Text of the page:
G.M Nair “I tried to make Duckett & Dyer sort of a tongue-in-cheek love letter to a lot of the sci-fi and mystery genre fiction I grew up watching”
The writer explains his semi-fondness for pina coladas, writing on a team, and what could be next for Duckett and Dyer.
Oh good lord, where do I start?
If you haven’t heard of G.M Nair, Aerospace Engineer/Comedian/Writer, you will feel like his bestie after this interview.
Well, maybe a close friend.
What you will get is a sense for how funny he is, and if you check out any of the other tour members you will hear them rave about Duckett & Dyer: Dicks for Hire. A best friends detective screwball comedy with a little bit of crazy, a little bit of fantasy, and a whole lot of laughs.
Thanks for taking the time to have a chat with me! Could you tell me a bit about yourself, your hopes, dreams, do you like Pina Coladas?
Of course! Thanks for having me (again). There’s not much to say about myself, really. I’m a dude with degrees in Aerospace Engineering who also inexplicably likes telling jokes and stories. My biggest hope is that Duckett & Dyer spawns a large cult fandom that calls themselves “dickheads”. Let’s throw that one under dreams, too. But I also occasionally dream of being a financially successful author or well paid TV writer. Oh, and one time I dreamed I was a DINOSAUR. I’m half-and-half on Pina Coladas. I always think I won’t like them, because I think I don’t like coconut, but then I try them and I really enjoy them because it’s not the taste of coconut I dislike, it’s actually just the mouthfeel? Sorry, I brought up some stuff.
Duckett and Dyer: Dicks for Hire is hilarious. Where did you get your inspiration for the story?
I tried to make Duckett & Dyer sort of a tongue-in-cheek love letter to a lot of the sci-fi and mystery genre fiction I grew up watching: Doctor Who, Dirk Gently, the Pink Panther movies, Big Trouble in Little China, and all of the Richard Pryor-Gene Wilder buddy comedies. Some influences are more obvious than others, but they’re all there.
How do you balance your side hustle as an Aerospace and Aviation Consultant with your job as a writer and comedian?
It’s a lot easier after being laid off because of COVID, lemme tell you.
It is evident from your writing that you have a fondness for comedy as a means of communicating ideas. Do you have any writers or comedians that you look up to or that inspire you?
Douglas Adams is the obvious choice, so let’s get him out of the way quickly. I also really like Chip Zdarsky, who’s actually a writer for Marvel comics that does weird comedy exceedingly well. In terms of comedians, I have a real fondness for storytelling comedians like John Mulaney. He has great delivery and wonderful turns of phrase that can really set a scene.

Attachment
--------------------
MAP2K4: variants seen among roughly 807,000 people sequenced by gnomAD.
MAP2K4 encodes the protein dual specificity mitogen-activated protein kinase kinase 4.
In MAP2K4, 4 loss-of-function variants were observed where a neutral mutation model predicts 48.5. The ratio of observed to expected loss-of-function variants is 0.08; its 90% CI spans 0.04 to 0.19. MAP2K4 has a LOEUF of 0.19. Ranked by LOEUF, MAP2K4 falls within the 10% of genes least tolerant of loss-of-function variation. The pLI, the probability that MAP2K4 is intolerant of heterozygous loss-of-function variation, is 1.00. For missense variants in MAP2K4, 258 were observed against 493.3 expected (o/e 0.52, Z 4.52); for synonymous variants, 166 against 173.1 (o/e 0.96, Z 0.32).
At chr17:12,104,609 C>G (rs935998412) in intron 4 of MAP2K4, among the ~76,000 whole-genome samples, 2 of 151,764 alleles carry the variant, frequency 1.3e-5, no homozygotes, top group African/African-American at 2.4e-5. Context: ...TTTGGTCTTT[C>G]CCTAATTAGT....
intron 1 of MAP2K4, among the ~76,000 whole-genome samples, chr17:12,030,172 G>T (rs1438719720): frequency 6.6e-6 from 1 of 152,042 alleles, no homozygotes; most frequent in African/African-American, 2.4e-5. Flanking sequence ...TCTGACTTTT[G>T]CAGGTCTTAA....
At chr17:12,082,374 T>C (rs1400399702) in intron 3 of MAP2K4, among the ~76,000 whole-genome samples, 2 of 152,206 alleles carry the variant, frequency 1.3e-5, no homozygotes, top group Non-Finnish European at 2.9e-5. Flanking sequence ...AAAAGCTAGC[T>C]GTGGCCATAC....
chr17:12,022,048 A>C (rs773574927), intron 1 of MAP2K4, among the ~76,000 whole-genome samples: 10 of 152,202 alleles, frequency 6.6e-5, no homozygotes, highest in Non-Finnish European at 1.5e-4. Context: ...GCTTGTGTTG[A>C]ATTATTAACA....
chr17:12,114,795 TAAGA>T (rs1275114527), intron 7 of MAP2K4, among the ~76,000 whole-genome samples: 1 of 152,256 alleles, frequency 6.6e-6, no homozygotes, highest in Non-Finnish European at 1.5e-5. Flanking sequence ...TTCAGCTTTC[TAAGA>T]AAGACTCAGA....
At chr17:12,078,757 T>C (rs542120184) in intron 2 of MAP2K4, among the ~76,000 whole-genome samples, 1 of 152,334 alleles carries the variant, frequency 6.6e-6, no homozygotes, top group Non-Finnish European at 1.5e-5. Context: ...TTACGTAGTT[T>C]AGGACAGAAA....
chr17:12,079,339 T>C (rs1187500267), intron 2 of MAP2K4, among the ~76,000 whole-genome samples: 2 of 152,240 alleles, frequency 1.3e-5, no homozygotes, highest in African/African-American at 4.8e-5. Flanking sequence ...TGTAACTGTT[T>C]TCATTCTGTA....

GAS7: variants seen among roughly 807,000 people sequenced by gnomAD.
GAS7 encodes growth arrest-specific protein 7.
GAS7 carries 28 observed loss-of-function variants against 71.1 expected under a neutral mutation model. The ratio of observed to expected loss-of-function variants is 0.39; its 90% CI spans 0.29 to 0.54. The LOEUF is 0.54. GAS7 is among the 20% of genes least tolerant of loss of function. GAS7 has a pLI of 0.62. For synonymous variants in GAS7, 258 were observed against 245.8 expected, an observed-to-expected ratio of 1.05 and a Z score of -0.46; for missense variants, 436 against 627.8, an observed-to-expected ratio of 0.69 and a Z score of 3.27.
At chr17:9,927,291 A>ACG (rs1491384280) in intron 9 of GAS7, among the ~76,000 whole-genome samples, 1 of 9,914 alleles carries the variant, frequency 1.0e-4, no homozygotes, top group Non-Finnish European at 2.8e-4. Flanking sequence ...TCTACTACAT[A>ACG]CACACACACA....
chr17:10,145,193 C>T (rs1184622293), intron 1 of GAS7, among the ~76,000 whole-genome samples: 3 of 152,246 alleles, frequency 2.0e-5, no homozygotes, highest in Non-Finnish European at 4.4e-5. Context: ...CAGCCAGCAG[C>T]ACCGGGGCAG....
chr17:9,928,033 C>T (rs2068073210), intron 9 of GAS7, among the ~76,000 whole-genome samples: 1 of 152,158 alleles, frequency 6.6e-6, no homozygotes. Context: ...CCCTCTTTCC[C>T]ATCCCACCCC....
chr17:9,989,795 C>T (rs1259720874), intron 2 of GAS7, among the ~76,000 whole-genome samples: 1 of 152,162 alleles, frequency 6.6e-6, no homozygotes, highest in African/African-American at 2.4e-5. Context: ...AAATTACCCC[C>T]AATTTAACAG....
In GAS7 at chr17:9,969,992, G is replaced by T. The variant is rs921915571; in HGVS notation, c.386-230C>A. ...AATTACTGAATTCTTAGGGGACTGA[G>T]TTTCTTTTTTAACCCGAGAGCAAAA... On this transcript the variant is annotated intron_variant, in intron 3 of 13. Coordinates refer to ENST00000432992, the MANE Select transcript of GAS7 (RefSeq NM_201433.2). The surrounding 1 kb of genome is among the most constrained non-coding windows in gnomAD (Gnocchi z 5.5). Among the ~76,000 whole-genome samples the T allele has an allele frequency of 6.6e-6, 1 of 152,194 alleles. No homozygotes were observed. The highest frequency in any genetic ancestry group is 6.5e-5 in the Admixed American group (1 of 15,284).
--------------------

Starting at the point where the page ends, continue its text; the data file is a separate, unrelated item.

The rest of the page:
I read that you are writing a TV pilot, and are part of a sketch comedy writing team, how is the creative process different for those verses for writing a book?
Those are very different mainly because they’re both collaborative efforts (I’m writing the pilot with a frequent writing partner of mine). This means I don’t have to do all the heavy lifting and I get my more ridiculous tendencies reigned in on the spot, which is very helpful.
Other than that, the writing process is fairly similar, but there’s less to write, and much more emphasis is placed on the dialogue. Luckily, I do a lot of dialogue in my books already, so it’s not so tough to switch over.
How many hours a day do you write?
Not as much as I’d like. I think my average would actually be close to zero. Because there’re a lot of days where I write nothing and a few days where I write maybe 2 or 3 hours. I wish I had more discipline.
What are you reading right now?
I’m in the middle of a lot of things. COVID’s wreaked havoc on a lot of people’s motivation to write, but it’s sapped my time to read. Right now I’m halfway through Leviathan’s Wake, Deston J. Munden’s Tavern, and Drew Magary’s Point B.
If you had to do something differently as a child or teenager to become a better writer as an adult, what would you do?
Start writing earlier and get over the self-consciousness that says if a first draft isn’t good, it never will be. That’s a hard idea to deprogram yourself of.
How did you select the names Duckett and Dyer?
I had a manager whose name was Michael Dyer and he was a kinda quirky dude. I thought his name was pretty interesting so I stole it for a project I was mulling over about a bumbling Clouseau-esque detective called “You’re A Mystery, Michael Dyer.” After some more thought, I figured a main character who was a complete doofus might need an audience surrogate straight man, so I tossed in the alliterative name Duckett. A few minutes later, the subtitle Dicks For Hire popped into my head, and I knew I had to do something with it fast. That was back in 2008.
Lastly, I want to know about book three. Have you started it yet? When should we look for it?
Oh, yes. Book Three is going to be a little different. I’m planning on it being an anthology of different short stories, each covering a different weird case. I’ve already finished the first few drafts of the opening story, and am aiming for an April 2021 release. All that being said, the title of the book (and the final short story/novella in the anthology) is one of my favorite titles I’ve come up with so far. What is it? Well, you’re just gonna have to get to the end of The One-Hundred Percent Solution to find out.